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Lionel Shriver at the Brisbane Writers Festival: She thinks writers should write whatever they want (©Daniel Seed/BWF)


Can there be a culturally appropriate art? There is no shortage of activists arguing for one, and they are arguing for something new and sinister, in free societies at least.

Let me be clear about the stakes. Artists reflect the ideas of their times, and nearly all Western novels and dramas now treat, say, gays and lesbians sympathetically. They are a world away from the thrillers of the 1970s in which the lisping homosexual was invariably the villain. Such stereotypes are not the issue today. Nor is the argument about whether a male novelist can create convincing female characters or vice versa or a white novelist create a convincing black character or vice versa. Readers have always been able to complain that a novelist has produced inauthentic work. Rather than an argument about what is said, we have an argument about what right artists have to speak at all.

As Lionel Shriver put it in a speech at the Brisbane Writers Festival, “Ethnicities, nationalities, races, sexual and gender categories, classes of economic underprivilege and disability are now encouraged to be possessive of their experience and to regard other peoples’ attempts to participate in their lives and traditions, either actively or imaginatively, as a form of theft.” 

Yassmin Abdel-Magied, a “social advocate and writer”, walked out, her eyes blurred with tears. Her blog denouncing Shriver was a sensation. The Guardian reprinted it, the New York Times and Washington Post covered it, and she was quoted with approval across social media. Abdel-Magied complained that Shriver was a colonialist and racial supremacist. She alleged the message was, “I don’t care what you deem is important or sacred. I want to do with it what I will. Your experience is simply a tool for me to use, because you are less human than me”. To justify her insults, she advanced what I suppose you could call the “lump of literature fallacy”: because a white writer published on black Africans, black Africans could not get their works into print.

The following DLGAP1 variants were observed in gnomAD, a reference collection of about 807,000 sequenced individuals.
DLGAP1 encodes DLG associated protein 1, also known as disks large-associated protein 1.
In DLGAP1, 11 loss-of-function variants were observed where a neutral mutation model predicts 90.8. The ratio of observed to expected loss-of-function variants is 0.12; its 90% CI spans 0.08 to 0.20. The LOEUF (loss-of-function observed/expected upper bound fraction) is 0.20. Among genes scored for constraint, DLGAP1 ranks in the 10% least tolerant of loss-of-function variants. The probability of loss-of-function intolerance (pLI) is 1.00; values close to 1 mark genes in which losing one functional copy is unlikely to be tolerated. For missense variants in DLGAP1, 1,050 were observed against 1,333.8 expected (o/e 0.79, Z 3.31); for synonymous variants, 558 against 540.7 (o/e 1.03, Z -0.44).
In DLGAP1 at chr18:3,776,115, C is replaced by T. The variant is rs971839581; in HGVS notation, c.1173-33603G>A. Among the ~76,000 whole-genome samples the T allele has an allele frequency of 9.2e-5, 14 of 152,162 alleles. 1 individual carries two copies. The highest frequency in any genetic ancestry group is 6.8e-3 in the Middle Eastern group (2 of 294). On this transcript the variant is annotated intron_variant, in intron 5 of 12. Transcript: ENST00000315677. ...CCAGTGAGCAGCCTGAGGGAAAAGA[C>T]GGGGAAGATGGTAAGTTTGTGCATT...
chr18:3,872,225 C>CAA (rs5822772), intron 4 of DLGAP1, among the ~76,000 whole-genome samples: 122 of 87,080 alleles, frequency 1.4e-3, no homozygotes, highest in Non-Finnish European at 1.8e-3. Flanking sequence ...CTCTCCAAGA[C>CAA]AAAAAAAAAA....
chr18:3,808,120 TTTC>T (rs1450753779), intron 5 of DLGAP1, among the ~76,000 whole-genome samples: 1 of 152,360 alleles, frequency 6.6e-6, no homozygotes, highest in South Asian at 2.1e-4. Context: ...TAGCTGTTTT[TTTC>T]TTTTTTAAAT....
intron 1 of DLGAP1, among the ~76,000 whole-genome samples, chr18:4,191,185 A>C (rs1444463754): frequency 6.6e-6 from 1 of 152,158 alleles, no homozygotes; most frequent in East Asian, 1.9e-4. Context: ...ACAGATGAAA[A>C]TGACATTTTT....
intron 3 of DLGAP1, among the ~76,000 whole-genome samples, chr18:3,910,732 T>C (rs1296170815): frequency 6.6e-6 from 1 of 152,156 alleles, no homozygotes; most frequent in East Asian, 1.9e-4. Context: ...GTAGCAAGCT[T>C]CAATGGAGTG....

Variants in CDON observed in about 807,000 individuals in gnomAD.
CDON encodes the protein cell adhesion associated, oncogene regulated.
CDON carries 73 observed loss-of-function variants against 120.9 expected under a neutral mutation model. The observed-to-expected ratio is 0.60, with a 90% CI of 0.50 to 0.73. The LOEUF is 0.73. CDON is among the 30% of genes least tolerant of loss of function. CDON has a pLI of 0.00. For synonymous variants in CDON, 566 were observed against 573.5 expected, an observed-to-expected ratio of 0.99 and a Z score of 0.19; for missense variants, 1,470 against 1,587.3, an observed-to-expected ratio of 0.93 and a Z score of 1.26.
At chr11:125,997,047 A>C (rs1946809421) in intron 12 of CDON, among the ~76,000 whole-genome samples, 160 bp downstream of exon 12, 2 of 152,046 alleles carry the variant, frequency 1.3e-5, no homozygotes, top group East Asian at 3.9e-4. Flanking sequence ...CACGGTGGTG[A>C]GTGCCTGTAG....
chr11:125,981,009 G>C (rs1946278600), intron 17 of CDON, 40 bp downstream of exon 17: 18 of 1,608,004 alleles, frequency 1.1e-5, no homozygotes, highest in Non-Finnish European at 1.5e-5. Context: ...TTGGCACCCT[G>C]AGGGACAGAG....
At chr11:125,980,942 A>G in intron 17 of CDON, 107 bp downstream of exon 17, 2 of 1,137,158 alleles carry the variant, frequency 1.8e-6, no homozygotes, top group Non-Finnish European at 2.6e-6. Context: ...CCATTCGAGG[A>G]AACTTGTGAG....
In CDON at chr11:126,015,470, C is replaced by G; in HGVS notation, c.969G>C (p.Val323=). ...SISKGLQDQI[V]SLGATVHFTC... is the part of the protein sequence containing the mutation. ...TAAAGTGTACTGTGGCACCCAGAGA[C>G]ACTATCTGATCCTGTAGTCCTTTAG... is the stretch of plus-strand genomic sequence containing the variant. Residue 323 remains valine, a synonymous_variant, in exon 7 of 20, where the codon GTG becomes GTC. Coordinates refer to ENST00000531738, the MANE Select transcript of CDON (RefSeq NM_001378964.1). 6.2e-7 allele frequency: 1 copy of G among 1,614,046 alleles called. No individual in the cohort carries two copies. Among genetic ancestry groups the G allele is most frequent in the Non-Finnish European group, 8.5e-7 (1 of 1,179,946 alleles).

She offered a grotesque misrepresentation of what Shriver had said. But on one point Abdel-Magied was accurate. Shriver thinks writers should write what they want. Abdel-Magied thinks they shouldn’t. Unless you are a black African woman, you should not write about black African women unless you grant them copy approval.

The clarity of this position dissolves, however, as soon as a writer accepts it. Jonathan Franzen said recently that, because he had few black friends, he would not dream of creating a black character. Notions of identity politics and cultural purity lead to segregation. Yet when Franzen acknowledged it, the same type of social justice warrior who criticised Shriver criticised him. None quite demanded that he must create black characters, but, as one said, his reprehensible admission had weakened the fight for “diversity and inclusion” — as if the two were synonymous.

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Observer of the Scene
November 19th, 2016
10:11 AM
Identity politics are inevitable if you allow mass immigration from regions where tribalism and clannishness are rife and where there is no tradition of liberal democracy (but very strong traditions of authoritarianism and corruption). Someone who supports both liberal democracy and mass immigration is like a turkey supporting Christmas: first the immigrants will practice identity politics, encouraged by the Marxists who wanted them here for their own ends, then the white majority will practice them too. Not good for liberal democracy. I hope Nick understands this one day and issues a mea culpa. But I don't expect it.

Paddy
November 11th, 2016